I know many of them will be disappointed that the show isn't returning, but all good things come to an end.

We must remember too that the remit of BBC Three is to encourage and support new talent, to give them opportunities to make television, to test out new ideas and formats. In that sense, Being Human is perhaps a victim of its own success. We can't really call ourselves a new show any more, and much as I'd like to think of myself as a young, thrusting, new talent and not a bitter old war horse, the reality is we have a duty to move aside and make space for the next Being Human.

But much like the cast change from seasons 3 to 4, we viewed the news as an opportunity. It meant I could actually write a climax for the show, instead of it just popping out to the shops at the end of season 5 and never coming back. You've no idea how rare that is in television, and what a great opportunity it is to write something suitably definitive and satisfactory.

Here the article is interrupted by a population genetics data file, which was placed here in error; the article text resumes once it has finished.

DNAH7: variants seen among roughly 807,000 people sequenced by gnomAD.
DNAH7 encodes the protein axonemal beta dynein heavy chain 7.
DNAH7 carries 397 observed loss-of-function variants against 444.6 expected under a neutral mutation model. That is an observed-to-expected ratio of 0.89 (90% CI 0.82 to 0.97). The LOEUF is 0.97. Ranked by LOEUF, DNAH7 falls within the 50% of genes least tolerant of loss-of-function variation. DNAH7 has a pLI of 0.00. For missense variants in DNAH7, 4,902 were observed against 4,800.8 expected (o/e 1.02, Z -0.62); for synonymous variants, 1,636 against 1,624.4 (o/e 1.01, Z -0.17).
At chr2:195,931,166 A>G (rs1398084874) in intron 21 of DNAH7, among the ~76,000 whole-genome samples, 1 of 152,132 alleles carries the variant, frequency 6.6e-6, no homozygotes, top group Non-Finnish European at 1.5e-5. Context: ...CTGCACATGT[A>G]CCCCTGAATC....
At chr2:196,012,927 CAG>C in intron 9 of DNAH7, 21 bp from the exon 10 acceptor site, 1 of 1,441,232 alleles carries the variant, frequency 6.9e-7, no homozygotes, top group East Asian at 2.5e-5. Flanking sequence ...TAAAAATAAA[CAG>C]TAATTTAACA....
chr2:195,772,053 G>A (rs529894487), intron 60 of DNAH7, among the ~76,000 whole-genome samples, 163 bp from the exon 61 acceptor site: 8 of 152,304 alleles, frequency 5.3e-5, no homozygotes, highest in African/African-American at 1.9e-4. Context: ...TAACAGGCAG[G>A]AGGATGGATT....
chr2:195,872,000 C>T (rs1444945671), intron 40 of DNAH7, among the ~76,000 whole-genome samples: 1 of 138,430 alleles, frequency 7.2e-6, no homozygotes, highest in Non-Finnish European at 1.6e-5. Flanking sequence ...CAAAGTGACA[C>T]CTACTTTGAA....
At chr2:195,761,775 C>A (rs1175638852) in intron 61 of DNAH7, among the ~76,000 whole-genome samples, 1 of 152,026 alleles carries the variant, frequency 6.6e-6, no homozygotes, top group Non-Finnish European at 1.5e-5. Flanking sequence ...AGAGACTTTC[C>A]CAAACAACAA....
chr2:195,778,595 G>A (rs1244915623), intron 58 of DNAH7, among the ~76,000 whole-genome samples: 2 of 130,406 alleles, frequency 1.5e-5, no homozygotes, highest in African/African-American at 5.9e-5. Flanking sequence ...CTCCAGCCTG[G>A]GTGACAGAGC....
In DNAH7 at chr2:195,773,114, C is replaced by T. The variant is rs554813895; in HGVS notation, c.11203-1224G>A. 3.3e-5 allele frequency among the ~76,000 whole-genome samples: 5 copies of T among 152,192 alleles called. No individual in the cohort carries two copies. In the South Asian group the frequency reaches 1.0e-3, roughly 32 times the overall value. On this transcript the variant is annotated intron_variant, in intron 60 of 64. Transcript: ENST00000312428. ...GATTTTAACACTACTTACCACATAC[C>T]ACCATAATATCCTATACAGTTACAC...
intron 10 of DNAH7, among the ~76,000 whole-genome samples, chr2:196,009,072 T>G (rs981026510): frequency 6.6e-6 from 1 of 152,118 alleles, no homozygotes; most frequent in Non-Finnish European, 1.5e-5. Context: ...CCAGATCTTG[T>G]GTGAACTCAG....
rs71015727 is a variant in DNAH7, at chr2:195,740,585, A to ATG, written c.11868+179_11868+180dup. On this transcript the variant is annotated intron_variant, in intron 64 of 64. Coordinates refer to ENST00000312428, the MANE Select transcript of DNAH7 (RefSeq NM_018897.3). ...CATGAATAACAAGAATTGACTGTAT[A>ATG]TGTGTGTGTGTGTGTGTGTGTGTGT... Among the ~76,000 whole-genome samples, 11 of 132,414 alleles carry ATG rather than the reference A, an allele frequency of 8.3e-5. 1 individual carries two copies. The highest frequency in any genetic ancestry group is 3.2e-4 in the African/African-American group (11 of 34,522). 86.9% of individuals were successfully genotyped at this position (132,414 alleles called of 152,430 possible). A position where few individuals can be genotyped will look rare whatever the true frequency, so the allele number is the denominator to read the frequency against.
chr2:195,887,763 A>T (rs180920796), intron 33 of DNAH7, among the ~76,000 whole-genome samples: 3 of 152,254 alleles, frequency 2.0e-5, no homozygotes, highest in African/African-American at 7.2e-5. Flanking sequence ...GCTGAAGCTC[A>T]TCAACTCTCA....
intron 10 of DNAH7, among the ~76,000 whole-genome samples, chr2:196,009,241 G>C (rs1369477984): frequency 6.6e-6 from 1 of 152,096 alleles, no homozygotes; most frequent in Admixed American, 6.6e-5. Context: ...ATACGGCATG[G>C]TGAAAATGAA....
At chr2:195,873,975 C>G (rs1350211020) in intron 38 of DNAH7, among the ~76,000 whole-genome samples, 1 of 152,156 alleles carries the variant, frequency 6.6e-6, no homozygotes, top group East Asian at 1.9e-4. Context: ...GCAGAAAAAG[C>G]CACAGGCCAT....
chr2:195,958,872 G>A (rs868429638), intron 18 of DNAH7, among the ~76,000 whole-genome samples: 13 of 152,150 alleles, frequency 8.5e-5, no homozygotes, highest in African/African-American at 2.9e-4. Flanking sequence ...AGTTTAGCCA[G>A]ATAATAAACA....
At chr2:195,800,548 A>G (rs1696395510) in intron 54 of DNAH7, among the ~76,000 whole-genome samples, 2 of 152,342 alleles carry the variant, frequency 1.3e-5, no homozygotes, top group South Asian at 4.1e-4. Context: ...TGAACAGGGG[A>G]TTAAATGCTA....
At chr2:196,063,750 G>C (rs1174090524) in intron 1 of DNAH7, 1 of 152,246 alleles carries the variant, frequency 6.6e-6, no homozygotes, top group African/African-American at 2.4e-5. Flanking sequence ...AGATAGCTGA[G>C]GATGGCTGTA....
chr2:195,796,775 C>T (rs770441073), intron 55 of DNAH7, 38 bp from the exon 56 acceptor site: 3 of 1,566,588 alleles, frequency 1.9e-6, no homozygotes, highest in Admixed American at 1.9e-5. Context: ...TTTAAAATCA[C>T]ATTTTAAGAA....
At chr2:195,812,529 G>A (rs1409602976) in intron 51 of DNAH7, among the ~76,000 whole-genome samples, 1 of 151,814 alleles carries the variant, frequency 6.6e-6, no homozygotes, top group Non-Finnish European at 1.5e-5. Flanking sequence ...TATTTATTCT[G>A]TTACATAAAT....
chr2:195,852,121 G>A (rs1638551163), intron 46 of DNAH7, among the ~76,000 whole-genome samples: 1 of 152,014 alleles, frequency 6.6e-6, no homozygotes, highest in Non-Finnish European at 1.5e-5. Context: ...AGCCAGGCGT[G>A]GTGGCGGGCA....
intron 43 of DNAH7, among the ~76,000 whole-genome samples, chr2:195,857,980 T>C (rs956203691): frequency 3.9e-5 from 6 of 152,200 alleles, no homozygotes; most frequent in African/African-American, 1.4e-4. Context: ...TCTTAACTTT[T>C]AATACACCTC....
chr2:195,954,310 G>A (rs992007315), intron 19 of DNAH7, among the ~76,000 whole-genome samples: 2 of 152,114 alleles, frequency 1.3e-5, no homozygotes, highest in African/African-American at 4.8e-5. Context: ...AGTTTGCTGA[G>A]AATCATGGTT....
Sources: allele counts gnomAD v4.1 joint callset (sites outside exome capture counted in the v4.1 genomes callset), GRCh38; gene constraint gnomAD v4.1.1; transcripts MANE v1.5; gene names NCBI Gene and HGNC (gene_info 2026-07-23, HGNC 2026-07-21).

Consequently, we've created what I hope you'll agree is an epic, thrilling, and shocking finale that'll keep the fans guessing and speculating for years to come.

Then Being Human will belong to them. Once the credits on episode 6 roll, the future of all those characters will exist in the imagination of the audience, to do with as they please. But in a way, the show always did belong to the fans. Their tenacity, passion, and loyalty are what kept the show going and provided inspiration to everyone working on it.

I'm reminded of the scene in series 3, episode 8, with Mitchell and Herrick sitting in the car looking at the sunset. Herrick asks if Mitchell finds it amazing that soon this world will be theirs. And Mitchell says: "It always was."

(Yeah, and then he stakes him, I know. Ignore that bit.)

Rob Pursey, the show's executive producer, from Touchpaper Television, commented: